May 24, 2024

FTC Chair Lina Khan says AI could “turbocharge” fraud, be used to “squash competition”

Federal Trade Commission Chair Lina Khan is leading the Biden administration’s charge against massive tech companies allegedly looking to gobble up the competition. 

One area Khan is focused on is artificial intelligence, which she believes is an emerging threat to the American consumer. 

“We are seeing risks that AI could be used to turbocharge fraud and scams,” she told CBS News. 

“We’re also looking to be vigilant to ensure that we don’t see anti-competitive practices or unfair methods of competition where some of the larger firms that have an advantage in this market are not using that power to squash competition,” she said.  

Since President Biden appointed Khan to chair the FTC in 2021, making her the youngest person to ever hold the position at 32,  she has taken on trillion-dollar corporations including tech giants Amazon, Microsoft and Meta. She argues that bigger isn’t always better — for the little guy.

“When you have open markets, you want them to be contestable, which means that the existing giants have to be susceptible to competition,” said Khan. 

She said “there are a whole set of antitrust lawsuits underway right now … that allege … some of these companies have engaged in anti-competitive tactics that have unfairly blocked competition.”

The FTC, she said, is on “the front lines” of protecting the American public from unlawful business practices, fraud and scams. It also works to protect people “from monopoly power that can lead to higher prices, lower wages, less innovation.” 

This year, federal judges handed the FTC high-profile defeats in cases against Microsoft and Meta. 

Khan said despite the high-profiles losses, she is “very proud of the wins” that the FTC has had both in blocking mergers and in suing to prevent anti-competitive conduct.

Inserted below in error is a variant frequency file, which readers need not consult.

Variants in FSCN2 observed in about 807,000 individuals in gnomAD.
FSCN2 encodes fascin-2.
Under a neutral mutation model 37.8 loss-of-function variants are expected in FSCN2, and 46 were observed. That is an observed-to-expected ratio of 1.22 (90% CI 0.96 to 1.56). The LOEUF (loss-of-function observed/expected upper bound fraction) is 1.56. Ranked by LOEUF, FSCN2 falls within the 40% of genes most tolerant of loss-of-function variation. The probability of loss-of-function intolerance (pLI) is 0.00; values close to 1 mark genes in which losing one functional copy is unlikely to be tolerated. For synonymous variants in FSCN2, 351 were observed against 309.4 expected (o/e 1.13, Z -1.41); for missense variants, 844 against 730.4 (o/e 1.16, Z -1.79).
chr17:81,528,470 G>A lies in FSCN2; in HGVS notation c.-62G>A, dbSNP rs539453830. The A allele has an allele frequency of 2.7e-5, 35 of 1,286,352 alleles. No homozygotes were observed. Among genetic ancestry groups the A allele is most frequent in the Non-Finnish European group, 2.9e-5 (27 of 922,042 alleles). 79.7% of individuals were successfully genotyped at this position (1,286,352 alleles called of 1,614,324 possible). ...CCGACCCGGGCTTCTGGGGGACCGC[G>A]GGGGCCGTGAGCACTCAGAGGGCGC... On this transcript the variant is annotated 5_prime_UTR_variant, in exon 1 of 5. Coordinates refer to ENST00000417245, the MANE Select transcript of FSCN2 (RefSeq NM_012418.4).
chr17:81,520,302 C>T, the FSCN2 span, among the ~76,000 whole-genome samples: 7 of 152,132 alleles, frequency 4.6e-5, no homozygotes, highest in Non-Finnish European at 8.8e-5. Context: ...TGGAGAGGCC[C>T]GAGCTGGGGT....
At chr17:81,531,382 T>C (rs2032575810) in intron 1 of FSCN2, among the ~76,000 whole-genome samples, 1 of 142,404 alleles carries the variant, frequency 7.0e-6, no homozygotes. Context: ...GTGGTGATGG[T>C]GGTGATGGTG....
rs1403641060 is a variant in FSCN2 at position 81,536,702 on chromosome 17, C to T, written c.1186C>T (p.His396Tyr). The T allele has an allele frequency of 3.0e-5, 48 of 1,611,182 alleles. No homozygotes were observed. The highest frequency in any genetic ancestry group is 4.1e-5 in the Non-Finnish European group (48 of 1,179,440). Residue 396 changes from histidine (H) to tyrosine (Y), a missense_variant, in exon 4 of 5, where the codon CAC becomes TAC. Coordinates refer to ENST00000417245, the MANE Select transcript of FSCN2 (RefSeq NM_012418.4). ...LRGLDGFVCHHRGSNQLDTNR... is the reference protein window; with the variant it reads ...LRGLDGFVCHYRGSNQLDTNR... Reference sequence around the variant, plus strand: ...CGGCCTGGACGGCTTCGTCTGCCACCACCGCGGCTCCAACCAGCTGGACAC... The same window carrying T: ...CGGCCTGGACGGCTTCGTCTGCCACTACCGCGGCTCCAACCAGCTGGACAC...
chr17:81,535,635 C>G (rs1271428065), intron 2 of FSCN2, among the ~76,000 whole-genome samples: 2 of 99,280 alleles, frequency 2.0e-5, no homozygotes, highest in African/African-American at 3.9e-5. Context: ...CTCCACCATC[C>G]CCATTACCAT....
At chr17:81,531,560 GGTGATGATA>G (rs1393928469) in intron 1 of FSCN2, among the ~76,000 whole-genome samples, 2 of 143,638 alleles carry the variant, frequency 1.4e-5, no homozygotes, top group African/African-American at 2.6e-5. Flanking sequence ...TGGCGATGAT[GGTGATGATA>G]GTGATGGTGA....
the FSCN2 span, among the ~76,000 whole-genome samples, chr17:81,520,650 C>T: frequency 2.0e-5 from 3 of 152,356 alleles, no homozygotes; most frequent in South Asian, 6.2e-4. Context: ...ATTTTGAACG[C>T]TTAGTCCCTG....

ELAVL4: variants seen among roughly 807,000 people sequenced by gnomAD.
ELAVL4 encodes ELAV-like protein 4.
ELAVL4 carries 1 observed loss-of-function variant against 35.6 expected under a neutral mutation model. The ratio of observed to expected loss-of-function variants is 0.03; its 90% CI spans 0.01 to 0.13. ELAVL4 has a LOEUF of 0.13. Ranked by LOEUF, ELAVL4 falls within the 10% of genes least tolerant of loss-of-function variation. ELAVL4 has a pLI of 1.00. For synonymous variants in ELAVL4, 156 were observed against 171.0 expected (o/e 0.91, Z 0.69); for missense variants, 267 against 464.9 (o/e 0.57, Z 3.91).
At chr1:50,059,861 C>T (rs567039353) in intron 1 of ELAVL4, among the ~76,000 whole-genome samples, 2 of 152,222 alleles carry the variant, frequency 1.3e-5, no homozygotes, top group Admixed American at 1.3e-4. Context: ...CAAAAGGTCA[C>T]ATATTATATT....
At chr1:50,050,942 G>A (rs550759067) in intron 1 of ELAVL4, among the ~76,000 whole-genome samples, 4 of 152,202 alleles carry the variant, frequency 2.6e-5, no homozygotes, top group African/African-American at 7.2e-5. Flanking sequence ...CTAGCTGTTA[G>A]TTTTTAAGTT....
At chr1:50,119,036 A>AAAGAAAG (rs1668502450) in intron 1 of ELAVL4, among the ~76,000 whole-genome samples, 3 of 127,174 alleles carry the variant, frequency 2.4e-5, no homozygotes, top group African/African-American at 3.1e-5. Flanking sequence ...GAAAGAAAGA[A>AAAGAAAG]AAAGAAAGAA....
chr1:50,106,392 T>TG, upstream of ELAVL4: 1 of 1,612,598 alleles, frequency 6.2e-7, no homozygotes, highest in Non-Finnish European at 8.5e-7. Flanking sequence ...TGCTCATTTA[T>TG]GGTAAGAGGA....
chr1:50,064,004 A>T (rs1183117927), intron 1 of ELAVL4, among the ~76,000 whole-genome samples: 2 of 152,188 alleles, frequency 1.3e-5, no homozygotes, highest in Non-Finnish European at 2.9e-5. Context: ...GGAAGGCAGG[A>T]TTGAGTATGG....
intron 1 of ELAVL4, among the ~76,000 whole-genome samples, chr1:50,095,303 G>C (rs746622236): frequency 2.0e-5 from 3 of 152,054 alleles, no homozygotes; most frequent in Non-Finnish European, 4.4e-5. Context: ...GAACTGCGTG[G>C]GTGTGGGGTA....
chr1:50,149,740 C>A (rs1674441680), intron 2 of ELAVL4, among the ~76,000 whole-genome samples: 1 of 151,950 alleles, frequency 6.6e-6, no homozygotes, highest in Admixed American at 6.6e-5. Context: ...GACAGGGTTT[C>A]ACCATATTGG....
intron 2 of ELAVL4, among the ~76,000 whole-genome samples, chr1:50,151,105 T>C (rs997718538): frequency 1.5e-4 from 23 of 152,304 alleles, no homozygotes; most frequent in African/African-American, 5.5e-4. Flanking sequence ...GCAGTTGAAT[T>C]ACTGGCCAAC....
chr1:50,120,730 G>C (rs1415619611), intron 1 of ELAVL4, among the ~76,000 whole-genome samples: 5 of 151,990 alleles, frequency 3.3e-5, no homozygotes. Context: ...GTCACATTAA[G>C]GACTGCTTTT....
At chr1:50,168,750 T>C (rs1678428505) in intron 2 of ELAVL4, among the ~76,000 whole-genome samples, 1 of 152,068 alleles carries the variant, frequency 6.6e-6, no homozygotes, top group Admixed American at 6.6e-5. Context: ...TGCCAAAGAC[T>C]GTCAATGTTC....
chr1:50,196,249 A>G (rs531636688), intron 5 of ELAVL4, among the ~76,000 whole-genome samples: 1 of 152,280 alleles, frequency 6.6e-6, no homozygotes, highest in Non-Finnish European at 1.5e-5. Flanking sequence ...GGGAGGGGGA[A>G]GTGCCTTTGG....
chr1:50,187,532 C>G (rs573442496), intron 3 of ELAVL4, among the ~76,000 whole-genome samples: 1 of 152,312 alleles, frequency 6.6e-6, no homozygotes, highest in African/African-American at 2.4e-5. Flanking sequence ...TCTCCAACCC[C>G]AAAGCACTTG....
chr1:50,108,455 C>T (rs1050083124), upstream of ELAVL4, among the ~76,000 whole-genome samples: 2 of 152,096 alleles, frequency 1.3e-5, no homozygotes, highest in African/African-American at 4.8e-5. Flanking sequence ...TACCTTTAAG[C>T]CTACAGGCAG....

Last month, the FTC filed a lawsuit against Amazon, accusing the company of a years-long effort to enroll consumers into Prime without their consent and making it difficult for them to cancel the subscription.

Amazon said the FTC”s claims are “false on the facts and the law” and that “by design” it made it “clear and simple for customers to both sign up for or cancel their Prime membership.” It also pointed to high customer satisfaction.

“The goal is really to be ensuring that our markets are open, that if there is a new firm with a good idea, maybe even a better idea, that they’re not being locked out of the market,” Khan said. 

At issue is whether to check companies before they get too big or after they have. Tech giants say not only are they not monopolies, but technological change means they’ll always be open to competition. 

Khan is also working to eliminate non-compete clauses in employment contracts, which anyone from fast food workers and healthcare workers to engineers and journalists could have. Such clauses can limit workers’ ability to get another job with better wages and benefits.

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